The Clone Wars animated series offers an even more in-depth understanding of Anakin and his connections to everyone around him; here we get to see the hero of the Republic at his prime, the ballsy and unorthodox Jedi who was cocky and humble all at once, the skilled pilot and most cunning warrior; and along with this heroic reputation he has, we still get to see his intense love for his comrades, especially his Master, his padawan and his wife. The audience also got to see how these connections in turn influenced some dark decisions, thus demonstrating how it was not only the chancellor that had turned him, but his fear of losing his loved ones. Yet as much as the animated series makes Anakin’s fall to the Dark so much more heartbreaking after experiencing the Clone Wars by his, Obi Wan’s, Padme’s and Ahsoka’s side, it can also serve to undermine the surprise element of his fall that the prequels portray; TCW turned Anakin into more of an edgy character with an inherent darkness, cheapening the good-hearted and conflicted prequels Anakin. The entire point of prequels Anakin was that his fall didn’t make sense, that it was out of nowhere, that there weren’t many warning signs, that he was manipulated by others into an impossible situation, that if one or two circumstances had been just slightly different he wouldn’t have fallen (italics a product of anakinskydala). But Prequels and Clone Wars Anakin both present the fact that his fall didn’t have to happen, that it could have been so easily avoided, and that is what makes it so much more tragic.
In the Darth Vader books, we get a peek into the tempest of thoughts raging behind the stone-cold mask. I never really considered the person behind the mask until hearing about the tragic memories and internal battles clashing within; Vader is really depressed and in constant, agonizing pain. The books reveal his constant internal battle with his former self, how he relives parts of his life and imagines how they could have went differently, how he immensely misses his love and the love between them, their child, how he hates Darth Sidious, how he hates himself, how he hates his suit, how uncomfortable everything is, how he misses his body, how he realizes he was never really free from being a slave, how he only feels human in his bacta-tank and meditation chamber, how he dreads putting his suit on, how he can’t sleep, how he channels all his anger and pain to become more powerful through his connection the Dark Side, how he blames Obi Wan and the Jedi Council for everything… It is in these books that we understand Anakin, the Chosen One’s true intentions for betraying the Jedi. When being visited by Padme on Mustafar in Episode III, the newly-knighted Darth Vader confronts his frantic wife; he is excited to tell her about how he plans to learn all that he can from Palpatine, how he plans to use that knowledge to overthrow him and end his regime once and for all, how he is doing this all for her and their child, for the entire galaxy, so that they may live as a family in peace. It is in these novels that we understand that there was still so much good in him, that he wasn’t completely consumed by the dark side, that he was going to fulfill his prophecy. But his wife was so worked into a frenzy that she wasn’t listening to his words, he had to make her understand, he had to. He would. He would make her understand that this was all for them. But then Obi Wan emerged from her ship. And here Anakin’s Dark Side gripped him, his anger, his hatred, his pain at the very thought of his wife betraying him consumed his entire being and he lashed out, grasping her neck with the force, not thinking, only feeling. “YOU BROUGHT HIM HERE TO KILL ME?!”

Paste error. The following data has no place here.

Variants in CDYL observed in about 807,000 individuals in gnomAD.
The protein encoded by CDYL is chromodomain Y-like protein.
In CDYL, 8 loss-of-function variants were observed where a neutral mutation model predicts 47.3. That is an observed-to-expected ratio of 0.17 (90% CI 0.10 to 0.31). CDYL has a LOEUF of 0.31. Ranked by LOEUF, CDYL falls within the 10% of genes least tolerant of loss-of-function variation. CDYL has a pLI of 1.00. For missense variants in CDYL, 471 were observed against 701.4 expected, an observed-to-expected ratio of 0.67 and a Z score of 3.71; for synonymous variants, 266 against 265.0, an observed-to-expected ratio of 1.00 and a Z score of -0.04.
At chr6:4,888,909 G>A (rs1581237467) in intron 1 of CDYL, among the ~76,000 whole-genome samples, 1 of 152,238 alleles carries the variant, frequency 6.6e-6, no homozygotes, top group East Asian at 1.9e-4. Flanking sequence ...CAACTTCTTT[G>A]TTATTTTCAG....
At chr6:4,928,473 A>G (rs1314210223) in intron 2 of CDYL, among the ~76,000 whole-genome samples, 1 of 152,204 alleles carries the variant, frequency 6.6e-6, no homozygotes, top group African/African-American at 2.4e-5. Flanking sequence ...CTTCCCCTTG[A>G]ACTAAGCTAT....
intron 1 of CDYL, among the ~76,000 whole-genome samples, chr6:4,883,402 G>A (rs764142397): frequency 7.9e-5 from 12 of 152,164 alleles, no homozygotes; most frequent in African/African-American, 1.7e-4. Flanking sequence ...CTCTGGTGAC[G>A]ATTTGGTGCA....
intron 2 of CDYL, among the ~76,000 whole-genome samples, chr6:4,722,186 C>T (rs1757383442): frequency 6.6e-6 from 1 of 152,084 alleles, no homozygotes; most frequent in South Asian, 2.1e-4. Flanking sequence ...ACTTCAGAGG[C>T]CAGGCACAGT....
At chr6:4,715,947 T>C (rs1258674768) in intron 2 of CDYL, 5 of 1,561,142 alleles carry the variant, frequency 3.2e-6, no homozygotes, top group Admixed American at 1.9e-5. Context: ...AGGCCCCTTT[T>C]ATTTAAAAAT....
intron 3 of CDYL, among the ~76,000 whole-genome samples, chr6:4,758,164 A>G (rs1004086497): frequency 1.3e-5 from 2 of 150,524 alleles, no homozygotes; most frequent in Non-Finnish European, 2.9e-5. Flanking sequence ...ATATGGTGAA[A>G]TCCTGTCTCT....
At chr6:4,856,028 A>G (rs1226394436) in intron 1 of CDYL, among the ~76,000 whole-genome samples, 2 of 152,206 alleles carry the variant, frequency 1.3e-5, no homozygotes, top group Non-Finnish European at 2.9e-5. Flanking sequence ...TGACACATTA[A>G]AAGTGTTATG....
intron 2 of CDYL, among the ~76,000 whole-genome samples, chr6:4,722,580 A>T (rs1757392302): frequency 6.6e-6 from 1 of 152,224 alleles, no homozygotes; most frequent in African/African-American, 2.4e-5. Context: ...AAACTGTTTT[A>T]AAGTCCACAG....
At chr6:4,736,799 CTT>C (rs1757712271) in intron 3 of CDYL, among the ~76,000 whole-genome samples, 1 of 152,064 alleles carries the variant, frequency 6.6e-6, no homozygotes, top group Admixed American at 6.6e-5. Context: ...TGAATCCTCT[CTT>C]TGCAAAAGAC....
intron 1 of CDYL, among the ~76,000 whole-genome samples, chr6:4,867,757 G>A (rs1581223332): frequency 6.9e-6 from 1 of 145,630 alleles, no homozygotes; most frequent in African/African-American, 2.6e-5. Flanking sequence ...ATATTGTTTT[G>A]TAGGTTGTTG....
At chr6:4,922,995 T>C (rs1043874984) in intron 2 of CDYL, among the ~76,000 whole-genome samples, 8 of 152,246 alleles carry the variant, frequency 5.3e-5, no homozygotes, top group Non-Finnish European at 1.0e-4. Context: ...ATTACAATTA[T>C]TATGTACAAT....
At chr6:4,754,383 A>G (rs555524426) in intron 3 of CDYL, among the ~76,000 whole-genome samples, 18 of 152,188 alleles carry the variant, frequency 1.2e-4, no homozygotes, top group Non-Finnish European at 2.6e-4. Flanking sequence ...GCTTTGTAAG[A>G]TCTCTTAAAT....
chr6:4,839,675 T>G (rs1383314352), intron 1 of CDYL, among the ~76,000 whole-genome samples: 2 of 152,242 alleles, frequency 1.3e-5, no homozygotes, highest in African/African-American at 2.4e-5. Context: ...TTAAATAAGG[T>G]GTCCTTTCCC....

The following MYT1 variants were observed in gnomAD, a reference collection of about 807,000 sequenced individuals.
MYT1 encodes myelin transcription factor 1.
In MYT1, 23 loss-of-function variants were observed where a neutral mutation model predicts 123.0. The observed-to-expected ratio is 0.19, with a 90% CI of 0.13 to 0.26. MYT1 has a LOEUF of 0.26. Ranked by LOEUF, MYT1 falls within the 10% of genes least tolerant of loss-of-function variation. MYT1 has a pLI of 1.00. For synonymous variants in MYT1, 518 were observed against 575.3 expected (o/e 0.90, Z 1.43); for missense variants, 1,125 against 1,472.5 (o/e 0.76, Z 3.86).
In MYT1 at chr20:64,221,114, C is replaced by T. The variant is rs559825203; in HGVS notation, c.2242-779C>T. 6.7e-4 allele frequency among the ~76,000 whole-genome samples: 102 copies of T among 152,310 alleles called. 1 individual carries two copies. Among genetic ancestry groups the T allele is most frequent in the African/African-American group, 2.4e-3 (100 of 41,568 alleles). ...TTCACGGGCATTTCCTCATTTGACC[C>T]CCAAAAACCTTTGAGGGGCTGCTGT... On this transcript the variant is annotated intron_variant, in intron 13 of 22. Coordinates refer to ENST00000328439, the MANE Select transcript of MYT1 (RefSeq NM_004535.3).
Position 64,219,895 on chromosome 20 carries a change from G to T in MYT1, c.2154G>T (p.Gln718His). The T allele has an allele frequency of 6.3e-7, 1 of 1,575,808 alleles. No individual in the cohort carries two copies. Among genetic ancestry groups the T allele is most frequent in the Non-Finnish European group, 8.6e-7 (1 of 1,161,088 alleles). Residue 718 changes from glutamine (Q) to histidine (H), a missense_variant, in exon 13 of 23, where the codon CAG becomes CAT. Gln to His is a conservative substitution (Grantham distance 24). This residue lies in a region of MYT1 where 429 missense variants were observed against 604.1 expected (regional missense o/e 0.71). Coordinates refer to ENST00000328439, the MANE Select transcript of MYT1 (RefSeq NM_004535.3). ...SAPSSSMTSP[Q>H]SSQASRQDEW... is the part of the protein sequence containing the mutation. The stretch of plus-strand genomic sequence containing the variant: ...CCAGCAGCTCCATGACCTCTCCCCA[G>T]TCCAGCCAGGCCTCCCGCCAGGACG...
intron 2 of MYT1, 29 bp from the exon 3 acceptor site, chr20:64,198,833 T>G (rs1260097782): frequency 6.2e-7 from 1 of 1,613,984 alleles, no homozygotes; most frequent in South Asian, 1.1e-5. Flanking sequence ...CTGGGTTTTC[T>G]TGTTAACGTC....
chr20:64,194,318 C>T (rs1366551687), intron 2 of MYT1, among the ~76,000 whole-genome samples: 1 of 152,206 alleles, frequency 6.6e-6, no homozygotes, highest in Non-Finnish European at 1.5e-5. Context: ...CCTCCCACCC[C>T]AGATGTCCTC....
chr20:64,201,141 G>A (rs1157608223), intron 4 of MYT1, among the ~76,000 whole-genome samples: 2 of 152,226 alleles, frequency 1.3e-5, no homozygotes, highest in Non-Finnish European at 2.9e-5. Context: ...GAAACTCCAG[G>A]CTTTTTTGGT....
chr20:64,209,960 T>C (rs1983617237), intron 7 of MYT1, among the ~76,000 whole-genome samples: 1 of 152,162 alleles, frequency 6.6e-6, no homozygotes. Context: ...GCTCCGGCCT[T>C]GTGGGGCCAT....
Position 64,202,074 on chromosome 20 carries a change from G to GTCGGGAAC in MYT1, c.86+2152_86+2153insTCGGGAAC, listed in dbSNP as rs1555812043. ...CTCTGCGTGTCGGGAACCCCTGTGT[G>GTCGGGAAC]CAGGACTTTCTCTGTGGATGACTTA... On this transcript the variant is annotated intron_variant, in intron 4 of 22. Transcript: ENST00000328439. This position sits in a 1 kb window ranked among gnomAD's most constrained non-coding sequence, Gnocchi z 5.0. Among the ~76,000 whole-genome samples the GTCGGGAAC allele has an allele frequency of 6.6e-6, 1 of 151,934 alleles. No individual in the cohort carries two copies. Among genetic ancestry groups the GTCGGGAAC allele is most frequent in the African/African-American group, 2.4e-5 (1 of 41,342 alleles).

This is in no way a justification for his horrific actions, but it definitely explains and gives a little more insight on what was going on in Anakin’s head, allowing for a better understanding of who he was without being completely apologetic towards him.
Anyone with a more in-depth understanding of the novelizations of the movies and/or the Darth Vader books OR ANAKIN IN GENERAL, please share some insight!
(I wrote this for my speech class lol)